As soon as the temps started to drop and the days shortened, like a bear, I started to eat more. I doubt it helps me to cope with the coming winter and cold temperatures, but it happens nonetheless. Add to that holiday meals with the family and just spending more time indoors. I know I’m not the only one!
Also like a bear, our lawn and landscape plants are preparing for winter, too. They become a little more, if not entirely, dormant to hibernate through winter. There are some things we can do to help them stay happy and to better survive the colder months.
Your more tender garden and perennial plants will need a bit more protection. Mulching over those plants can certainly help by insulating them from the cold, and blowing wind and reducing the frequency to which the soil freezes and thaws around them. This shrinking and swelling of the soil can damage young fleshy root systems. You may even see plants heaved out of the ground entirely.
Mulch can consist of wood chips, pine needles, compost, straw, and other plant-based materials. Don’t smother them though. Add just enough mulch to cover the plants, but still allow for airflow, light, and moisture penetration. Depending on the plant, in the spring the mulch may need to be pulled back to expose the crown (growing point of the plant) to the sun to promote the season’s new growth.
A final fertilizer application can be applied to your cool-season lawn to further help it recover from last summer’s drought and heat. Further root development will continue and some of that fertility will carry over to the next season for the spring green up.
Your landscape plants will benefit from some nutrition as well. Dormant feeding (late fall to winter) is ideal. A complete fertilizer with nitrogen, phosphorus, and potassium is okay to use for this. For trees, you want to fertilize out to the drip line of the branches as that is where many of the feeder roots are.
A soil test or even a plant analysis from the Soil and Plant Testing Lab on the Mizzou Campus can point to nutrients your soil and/or plants and lawn areas are lacking. This may be the time to supplement some of the secondary and micro-nutrients (calcium, boron, zinc, manganese, sulfur, iron, copper, molybdenum, chlorine, magnesium, and nickel). You will have to do some research for the best sources of these nutrients and the best rates and timing of applications.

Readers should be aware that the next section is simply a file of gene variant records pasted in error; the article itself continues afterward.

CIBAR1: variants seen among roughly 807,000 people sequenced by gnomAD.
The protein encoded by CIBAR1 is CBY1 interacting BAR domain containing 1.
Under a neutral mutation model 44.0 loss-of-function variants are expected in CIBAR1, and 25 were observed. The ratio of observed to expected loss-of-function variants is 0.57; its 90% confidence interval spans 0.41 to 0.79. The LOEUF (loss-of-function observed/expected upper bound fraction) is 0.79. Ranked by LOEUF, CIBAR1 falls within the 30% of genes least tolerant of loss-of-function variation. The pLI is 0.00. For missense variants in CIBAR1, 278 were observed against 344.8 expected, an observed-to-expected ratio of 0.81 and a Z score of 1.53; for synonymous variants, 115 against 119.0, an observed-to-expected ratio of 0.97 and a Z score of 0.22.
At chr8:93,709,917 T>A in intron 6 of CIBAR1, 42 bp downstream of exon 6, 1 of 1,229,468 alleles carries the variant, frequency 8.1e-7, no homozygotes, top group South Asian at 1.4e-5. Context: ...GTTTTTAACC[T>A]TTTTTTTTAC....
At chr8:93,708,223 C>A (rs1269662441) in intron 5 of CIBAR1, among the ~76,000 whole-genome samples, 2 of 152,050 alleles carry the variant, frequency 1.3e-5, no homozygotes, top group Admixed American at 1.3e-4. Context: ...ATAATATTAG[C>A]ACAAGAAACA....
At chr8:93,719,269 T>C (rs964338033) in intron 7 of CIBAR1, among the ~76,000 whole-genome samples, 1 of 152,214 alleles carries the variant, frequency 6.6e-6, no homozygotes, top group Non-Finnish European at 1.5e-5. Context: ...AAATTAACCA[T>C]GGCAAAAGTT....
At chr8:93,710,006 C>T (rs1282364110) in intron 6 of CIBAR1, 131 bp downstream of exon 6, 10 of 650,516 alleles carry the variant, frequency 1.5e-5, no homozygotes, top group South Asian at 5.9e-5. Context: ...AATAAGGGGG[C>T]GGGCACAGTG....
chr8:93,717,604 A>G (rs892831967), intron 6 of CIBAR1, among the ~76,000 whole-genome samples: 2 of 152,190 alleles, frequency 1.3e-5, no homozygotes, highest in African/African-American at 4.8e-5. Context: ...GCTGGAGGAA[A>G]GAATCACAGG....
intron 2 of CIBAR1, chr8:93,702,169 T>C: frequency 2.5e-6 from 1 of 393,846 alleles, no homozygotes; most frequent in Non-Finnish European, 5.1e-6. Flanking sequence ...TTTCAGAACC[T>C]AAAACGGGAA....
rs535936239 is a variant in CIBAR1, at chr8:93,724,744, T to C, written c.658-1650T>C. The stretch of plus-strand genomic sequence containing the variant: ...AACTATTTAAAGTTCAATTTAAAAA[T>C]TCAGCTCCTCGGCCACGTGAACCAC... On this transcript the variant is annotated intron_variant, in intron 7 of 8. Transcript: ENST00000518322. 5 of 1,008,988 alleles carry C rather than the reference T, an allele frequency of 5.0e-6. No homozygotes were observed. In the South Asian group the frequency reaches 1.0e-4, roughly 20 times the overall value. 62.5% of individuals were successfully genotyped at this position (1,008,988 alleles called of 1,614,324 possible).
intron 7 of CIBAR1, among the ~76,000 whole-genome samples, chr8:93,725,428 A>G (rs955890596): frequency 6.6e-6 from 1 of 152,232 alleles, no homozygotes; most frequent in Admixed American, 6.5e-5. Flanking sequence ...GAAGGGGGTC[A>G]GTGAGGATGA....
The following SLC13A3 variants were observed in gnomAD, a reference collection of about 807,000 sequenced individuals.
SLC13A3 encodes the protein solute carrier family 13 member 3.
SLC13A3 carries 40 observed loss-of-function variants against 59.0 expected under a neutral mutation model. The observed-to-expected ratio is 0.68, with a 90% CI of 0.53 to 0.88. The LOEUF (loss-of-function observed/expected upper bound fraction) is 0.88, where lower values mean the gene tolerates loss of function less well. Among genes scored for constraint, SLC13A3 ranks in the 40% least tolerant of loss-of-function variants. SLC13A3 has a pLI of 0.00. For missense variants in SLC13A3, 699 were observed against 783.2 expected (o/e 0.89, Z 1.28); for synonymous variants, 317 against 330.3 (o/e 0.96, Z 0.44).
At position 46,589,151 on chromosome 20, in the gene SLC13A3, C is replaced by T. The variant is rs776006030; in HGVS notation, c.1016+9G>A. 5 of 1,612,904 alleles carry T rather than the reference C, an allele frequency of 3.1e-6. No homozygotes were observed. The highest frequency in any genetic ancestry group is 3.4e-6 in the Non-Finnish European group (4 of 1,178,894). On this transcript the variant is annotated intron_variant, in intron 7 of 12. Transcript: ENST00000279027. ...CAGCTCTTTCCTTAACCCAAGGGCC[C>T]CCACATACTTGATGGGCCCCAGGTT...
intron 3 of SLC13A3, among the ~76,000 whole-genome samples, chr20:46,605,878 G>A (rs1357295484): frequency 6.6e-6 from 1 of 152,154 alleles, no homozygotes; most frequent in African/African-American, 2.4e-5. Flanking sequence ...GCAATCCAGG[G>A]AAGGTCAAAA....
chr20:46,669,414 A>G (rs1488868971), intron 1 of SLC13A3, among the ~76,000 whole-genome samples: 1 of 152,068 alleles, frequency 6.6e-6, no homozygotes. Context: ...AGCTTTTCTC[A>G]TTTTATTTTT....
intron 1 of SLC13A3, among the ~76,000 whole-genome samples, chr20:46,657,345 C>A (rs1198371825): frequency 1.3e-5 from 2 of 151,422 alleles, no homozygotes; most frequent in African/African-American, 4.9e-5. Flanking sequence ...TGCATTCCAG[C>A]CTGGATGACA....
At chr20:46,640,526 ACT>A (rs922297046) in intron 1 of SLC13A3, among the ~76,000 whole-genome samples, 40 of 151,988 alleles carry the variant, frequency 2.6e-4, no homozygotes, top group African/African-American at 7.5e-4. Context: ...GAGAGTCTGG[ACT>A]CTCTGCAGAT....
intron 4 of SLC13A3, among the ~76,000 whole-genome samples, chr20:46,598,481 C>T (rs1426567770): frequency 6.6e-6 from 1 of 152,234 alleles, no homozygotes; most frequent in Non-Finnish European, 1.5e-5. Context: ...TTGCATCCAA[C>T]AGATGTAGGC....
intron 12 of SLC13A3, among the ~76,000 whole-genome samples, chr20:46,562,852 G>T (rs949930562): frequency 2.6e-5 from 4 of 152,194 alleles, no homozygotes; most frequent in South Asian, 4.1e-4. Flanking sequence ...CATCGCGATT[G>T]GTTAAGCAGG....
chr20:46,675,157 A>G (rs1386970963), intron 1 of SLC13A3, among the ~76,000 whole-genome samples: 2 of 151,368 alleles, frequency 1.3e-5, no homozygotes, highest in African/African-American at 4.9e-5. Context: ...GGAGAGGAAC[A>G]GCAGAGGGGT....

It depends. New trees should be watered every 10 to 14 days if it is a dry winter. You can do this up until the ground freezes. Watering your lawn typically is not necessary. Don’t forget to disconnect your garden hose from the spigot so the below-freezing temps don’t damage your water line!
Winter desiccation or “winter burn” is something to watch out for on your evergreens. This occurs when soil moisture levels are low, there are freezing temps, and a good amount of wind. The moisture is removed from the tips of the plant faster than it can be replaced so they start to turn yellow/yellow-brown. Damage will be worse on the side of the tree exposed to the sun and the wind. Some plants are more susceptible than others. We often see this issue on boxwood, bayberry, arborvitae, pine, and others. Severe cases cause death to stems, but in general, the plant will resume growth once warmer temps prevail.
If ever you see an issue on your lawn, with your trees, or in your landscape, the Atkins team is here to help. That’s what friends and neighbors do!
It is hard to believe that another year has passed. As Atkins sneaks up on our 100th anniversary, we thank you, our customers and community, for trusting us to help manage and improve properties all over Central Missouri.
From all of us at Atkins — Happy holidays and happy New Year!
A Columbia native, Shaun Henry found a home at Atkins in 2000 when he started his career as a turf technician. Shaun holds a commercial applicator’s license through the Missouri Department of Agriculture and is a member of the National Association of Landscape Professionals, the Mid-America Green Industry Council, and the Missouri Green Industry Alliance. Shaun strongly believes in the importance of a great customer experience where the Atkins staff knows their clients and anticipates their needs accordingly.
Shaun is an MU alumnus and has a degree in plant science.